If you would like to learn more about setting OKRs and prioritizing engineering work I recommend:

Preparing for our Staging Monitoring & Alerting GameDay

To prepare for this GameDay there were a number of tasks that needed to be accomplished. We met for 1 hour to discuss these items 1 week before the GameDay. These tasks are listed below:

  • Create a public #gamedays Slack channel
  • Create a zoom room for GameDays
  • Decide on the scope of the GameDay
  • Create an agenda for the GameDay
  • Create a calendar invite for the GameDay and invite the whole company to watch
  • Post in #general to invite everyone to join the #gamedays Slack channel
  • Create a Datadog Dashboard for the GameDay
  • Ensure appropriate team members have access to software required for the GameDay

GameDay Scope

We decided that the scope for this GameDay would be Staging Monitoring & Alerting.

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Agenda for GameDay

We created an agenda for our GameDay and shared this with our entire team via Slack and in the calendar invite.

10:00-10:10 - Intro to GameDays

10:10-10:40 - Review gameday workbook

10:40-11:40 - GameDay

11:40-12:00 - Q&A

12:00-12:30 - Buffer

Running our Staging Monitoring & Alerting GameDay

Intro to GameDays (10:00-10:10)

To kick off our GameDay HML gave a presentation on GameDays. He explained that GameDays are dedicated time to come together to gain insights, an opportunity to execute one or more experiments, time to prove or disprove a hypothesis and time to test the resilience of your application and architecture.

Review gameday workbook (10:10-10:40)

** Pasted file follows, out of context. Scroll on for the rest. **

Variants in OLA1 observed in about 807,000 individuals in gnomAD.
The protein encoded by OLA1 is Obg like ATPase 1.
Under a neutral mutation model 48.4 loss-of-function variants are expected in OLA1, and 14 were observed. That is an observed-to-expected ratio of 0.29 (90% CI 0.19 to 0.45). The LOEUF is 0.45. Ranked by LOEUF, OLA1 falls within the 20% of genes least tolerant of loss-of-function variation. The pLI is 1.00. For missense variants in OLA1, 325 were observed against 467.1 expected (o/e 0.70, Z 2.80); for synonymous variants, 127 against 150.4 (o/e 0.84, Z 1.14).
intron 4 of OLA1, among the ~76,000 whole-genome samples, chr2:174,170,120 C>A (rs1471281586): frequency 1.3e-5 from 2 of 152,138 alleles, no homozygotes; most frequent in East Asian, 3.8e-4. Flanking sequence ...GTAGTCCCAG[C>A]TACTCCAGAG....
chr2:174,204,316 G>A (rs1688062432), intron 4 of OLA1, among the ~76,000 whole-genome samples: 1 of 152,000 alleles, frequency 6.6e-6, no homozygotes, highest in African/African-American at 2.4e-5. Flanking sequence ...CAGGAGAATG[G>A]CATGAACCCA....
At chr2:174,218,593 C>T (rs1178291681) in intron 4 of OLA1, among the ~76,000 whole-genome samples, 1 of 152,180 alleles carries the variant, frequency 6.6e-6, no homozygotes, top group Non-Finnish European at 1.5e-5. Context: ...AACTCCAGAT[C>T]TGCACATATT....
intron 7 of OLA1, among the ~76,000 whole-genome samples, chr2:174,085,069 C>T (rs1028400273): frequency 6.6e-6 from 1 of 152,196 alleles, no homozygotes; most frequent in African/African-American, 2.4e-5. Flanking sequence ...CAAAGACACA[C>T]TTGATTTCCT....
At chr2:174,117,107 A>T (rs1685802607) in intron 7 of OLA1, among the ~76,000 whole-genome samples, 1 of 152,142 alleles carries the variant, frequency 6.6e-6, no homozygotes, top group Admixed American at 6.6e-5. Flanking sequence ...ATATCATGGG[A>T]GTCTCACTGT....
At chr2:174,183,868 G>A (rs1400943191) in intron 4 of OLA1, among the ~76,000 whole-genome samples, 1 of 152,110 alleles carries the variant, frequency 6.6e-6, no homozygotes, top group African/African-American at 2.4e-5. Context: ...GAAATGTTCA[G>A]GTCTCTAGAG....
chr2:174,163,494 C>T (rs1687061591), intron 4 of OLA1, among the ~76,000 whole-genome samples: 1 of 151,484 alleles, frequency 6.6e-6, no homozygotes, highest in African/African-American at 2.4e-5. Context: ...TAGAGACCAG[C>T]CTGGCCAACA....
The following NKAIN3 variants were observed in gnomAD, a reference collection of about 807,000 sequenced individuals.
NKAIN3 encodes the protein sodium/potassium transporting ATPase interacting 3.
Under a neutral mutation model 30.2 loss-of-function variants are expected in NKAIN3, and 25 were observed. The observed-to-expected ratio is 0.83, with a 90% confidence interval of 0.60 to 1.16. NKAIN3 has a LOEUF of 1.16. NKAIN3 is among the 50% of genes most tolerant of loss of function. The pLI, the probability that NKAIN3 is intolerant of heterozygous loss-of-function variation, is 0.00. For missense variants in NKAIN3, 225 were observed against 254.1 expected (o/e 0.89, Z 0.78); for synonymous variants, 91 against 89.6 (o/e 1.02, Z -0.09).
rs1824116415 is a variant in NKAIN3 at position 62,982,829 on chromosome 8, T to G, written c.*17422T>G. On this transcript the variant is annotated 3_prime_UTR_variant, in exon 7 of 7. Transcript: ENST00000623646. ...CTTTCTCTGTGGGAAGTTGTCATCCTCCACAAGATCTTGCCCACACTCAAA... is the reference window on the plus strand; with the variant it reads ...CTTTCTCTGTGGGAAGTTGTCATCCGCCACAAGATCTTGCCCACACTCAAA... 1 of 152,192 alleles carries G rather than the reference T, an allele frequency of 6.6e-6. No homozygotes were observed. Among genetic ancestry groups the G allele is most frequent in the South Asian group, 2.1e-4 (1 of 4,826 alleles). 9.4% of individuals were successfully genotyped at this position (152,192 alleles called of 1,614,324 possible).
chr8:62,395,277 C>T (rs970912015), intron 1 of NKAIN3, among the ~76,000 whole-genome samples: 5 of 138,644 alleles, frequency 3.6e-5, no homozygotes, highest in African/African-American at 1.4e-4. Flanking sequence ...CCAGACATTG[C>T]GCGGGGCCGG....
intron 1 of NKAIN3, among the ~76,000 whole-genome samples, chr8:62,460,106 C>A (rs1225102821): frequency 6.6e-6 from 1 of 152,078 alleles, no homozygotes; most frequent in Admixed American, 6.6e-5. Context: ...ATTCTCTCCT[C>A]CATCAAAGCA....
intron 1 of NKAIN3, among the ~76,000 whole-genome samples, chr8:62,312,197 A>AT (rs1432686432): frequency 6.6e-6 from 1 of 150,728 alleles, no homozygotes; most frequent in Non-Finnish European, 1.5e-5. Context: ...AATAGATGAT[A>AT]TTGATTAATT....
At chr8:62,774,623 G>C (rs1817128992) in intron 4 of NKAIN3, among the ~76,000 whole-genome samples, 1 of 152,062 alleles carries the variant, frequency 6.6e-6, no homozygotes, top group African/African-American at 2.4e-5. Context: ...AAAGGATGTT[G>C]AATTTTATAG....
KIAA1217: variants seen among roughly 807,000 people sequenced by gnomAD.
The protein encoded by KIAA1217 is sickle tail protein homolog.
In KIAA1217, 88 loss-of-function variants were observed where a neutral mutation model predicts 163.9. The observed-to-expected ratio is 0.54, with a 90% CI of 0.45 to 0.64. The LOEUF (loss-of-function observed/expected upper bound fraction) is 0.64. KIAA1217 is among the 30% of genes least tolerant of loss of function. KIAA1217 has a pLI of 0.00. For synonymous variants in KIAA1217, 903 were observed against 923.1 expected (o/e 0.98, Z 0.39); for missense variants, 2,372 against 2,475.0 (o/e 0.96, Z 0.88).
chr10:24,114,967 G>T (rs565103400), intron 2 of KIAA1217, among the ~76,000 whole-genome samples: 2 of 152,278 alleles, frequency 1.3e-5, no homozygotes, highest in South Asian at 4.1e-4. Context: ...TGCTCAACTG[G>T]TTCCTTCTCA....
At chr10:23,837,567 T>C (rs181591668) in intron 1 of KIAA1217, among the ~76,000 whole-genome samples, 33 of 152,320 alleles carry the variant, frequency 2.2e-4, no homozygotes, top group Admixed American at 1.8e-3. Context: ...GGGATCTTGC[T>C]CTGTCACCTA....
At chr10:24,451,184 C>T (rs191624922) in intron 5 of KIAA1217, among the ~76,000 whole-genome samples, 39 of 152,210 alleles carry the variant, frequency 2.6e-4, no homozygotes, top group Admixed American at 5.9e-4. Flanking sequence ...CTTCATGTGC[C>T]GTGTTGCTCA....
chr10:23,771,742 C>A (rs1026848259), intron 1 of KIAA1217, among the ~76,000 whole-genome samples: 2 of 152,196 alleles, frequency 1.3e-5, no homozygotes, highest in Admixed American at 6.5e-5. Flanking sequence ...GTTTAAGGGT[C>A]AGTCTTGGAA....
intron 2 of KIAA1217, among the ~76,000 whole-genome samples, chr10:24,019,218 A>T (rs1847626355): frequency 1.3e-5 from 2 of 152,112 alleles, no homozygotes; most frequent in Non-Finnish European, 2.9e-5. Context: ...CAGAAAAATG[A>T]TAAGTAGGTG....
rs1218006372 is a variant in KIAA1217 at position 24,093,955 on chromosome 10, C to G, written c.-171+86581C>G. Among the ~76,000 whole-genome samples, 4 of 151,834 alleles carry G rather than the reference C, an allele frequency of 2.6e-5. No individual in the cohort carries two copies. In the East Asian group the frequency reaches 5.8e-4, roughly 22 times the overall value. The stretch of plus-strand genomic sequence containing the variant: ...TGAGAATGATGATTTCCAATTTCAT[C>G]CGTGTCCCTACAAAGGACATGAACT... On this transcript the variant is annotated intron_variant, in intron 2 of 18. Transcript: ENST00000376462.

Before the GameDay we filled out the entire GameDay workbook. This is a workbook HML created for our Gremlin customers, we also use it internally for our own GameDays.

During this time we had the following objectives:

  • Cover what experiments we would run and construct a detailed hypothesis on what we expect to observe
  • Cover what failure we will inject
  • Cover what type of tooling we need for this experiment (e.g. Gremlin, Datadog & Sentry)

Experiments

The following experiments shall be executed. Unless explicitly stated as a pre-condition to the experiment, it is expected that system is running in a normal steady state.

Failure Scenario 1: API Server Shutdown

Background: This simulates a server crashing or taken out of service due to some ASG action like failed health-checks

Failure Scenario 2: SNS unreachable from API Server

Background: This simulates an outage with the Amazon Simple notification Service (SNS)

Failure Scenario 3: Elevated Database Latency from API Server

Background: This simulates unpredictable latency spike with the Amazon DynamoDB service.

After we had decided on the experiments we created a new Datadog Dashboard for the GameDay.

Staging Monitoring & Alerting GameDay Dashboard

We created a GameDay dashboard to specifically monitor our Staging Environment Control Plane. We were then ready to use this dashboard to monitor Chaos Engineering attacks in real-time. Before the GameDay we made sure we were monitoring API Metrics, Database Metrics and System Metrics for our Staging Control Plane.

Next, let’s walk through each of the Dashboard components.